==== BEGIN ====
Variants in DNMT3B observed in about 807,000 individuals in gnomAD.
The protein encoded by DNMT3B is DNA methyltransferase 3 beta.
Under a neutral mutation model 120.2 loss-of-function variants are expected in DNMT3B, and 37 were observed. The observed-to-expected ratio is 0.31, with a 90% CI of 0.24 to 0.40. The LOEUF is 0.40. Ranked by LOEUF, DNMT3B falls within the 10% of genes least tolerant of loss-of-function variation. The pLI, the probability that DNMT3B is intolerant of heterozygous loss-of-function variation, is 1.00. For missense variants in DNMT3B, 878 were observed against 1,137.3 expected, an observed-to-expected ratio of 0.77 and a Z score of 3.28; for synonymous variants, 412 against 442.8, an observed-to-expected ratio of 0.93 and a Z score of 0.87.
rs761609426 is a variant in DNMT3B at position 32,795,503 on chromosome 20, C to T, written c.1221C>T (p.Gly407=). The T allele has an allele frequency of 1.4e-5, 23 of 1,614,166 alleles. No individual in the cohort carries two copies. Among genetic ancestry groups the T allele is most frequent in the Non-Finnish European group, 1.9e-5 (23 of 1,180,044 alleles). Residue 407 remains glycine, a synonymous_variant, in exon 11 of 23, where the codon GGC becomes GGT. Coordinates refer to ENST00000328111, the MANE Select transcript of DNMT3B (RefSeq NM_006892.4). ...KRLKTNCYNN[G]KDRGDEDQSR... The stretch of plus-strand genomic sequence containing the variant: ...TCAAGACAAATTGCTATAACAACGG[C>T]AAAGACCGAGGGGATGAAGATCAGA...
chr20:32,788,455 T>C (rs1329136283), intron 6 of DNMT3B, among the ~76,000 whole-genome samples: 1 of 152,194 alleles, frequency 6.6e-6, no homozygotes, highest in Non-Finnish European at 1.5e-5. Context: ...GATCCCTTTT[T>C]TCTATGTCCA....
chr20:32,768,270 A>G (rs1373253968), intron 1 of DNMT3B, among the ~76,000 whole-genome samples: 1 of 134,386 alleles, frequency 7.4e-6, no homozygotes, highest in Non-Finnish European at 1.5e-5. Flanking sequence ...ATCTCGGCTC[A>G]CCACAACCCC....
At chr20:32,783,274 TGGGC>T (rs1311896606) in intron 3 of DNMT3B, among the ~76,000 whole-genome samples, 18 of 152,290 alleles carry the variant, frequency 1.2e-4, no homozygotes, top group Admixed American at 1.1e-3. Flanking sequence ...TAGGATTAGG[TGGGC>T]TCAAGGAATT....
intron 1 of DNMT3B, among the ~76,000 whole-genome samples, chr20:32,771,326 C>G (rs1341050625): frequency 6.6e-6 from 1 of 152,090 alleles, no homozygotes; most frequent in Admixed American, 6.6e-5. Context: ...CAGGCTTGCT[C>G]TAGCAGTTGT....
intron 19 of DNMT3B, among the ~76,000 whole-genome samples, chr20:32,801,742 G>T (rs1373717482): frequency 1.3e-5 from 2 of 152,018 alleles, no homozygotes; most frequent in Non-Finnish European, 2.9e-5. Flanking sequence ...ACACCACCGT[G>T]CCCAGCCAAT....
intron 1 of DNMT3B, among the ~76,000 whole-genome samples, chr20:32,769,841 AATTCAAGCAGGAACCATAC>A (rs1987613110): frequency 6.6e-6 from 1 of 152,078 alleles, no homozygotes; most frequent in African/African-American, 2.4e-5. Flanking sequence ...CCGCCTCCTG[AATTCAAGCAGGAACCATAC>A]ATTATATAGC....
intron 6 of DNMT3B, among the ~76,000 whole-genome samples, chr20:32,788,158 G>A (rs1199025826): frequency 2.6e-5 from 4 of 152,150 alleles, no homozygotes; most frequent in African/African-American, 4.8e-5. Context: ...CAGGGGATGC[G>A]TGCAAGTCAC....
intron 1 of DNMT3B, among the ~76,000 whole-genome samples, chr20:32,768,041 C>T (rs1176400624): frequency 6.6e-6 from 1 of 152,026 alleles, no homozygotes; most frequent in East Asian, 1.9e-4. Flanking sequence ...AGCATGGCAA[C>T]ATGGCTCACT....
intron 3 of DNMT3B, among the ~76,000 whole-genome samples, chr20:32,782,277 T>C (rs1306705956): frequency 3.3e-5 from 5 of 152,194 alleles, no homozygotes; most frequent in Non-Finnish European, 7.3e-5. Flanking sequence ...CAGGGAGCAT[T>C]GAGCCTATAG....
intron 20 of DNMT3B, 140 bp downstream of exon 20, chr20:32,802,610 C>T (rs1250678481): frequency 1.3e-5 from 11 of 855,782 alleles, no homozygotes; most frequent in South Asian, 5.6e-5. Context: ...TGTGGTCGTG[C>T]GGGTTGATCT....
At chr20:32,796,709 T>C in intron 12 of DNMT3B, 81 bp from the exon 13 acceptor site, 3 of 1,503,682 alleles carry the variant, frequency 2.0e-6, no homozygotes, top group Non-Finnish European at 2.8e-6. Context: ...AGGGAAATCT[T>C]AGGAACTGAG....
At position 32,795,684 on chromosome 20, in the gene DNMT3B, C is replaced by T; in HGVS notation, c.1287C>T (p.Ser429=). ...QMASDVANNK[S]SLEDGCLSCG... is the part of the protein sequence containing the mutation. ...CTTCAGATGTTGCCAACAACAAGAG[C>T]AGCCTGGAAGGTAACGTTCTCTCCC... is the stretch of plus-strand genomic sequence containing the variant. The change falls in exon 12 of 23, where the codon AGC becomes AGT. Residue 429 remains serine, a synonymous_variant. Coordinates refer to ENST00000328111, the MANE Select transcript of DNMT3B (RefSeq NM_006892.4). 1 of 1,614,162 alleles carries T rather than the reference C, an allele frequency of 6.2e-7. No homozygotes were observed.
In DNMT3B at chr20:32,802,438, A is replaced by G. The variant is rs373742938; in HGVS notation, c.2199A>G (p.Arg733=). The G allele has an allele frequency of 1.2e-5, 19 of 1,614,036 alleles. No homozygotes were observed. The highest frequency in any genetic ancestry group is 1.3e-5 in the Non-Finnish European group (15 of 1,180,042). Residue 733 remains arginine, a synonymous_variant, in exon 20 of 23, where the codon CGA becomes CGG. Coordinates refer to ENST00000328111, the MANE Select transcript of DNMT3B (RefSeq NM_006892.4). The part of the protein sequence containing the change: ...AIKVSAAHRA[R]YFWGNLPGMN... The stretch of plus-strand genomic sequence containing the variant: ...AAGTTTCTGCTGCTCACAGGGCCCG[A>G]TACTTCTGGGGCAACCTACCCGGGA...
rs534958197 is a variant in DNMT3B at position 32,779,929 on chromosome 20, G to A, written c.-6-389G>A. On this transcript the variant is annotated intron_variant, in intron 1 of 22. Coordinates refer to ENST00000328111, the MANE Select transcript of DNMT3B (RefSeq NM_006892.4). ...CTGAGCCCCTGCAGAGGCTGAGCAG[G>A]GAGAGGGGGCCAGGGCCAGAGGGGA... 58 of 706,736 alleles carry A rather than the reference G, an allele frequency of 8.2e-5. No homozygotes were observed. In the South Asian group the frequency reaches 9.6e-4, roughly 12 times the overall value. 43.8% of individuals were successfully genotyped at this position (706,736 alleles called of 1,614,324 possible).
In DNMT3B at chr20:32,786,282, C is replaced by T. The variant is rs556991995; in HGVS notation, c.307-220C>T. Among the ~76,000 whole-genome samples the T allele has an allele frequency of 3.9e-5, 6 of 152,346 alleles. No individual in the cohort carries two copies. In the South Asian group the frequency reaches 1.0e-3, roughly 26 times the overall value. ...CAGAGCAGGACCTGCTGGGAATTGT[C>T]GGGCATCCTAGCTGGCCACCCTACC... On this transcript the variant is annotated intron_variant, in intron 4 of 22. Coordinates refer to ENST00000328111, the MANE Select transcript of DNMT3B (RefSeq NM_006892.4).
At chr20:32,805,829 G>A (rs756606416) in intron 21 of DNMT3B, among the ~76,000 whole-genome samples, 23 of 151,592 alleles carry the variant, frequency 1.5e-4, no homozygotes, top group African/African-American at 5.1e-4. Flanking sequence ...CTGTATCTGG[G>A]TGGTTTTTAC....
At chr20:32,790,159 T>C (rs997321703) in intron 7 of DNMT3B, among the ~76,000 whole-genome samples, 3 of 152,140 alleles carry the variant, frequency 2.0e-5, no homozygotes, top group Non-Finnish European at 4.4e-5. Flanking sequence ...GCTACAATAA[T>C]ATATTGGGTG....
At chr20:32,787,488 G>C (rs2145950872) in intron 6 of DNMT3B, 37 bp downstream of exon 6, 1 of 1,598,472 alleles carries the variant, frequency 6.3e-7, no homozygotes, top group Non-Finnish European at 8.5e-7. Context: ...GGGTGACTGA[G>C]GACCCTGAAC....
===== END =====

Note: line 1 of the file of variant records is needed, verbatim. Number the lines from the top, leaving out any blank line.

Variants in DNMT3B observed in about 807,000 individuals in gnomAD.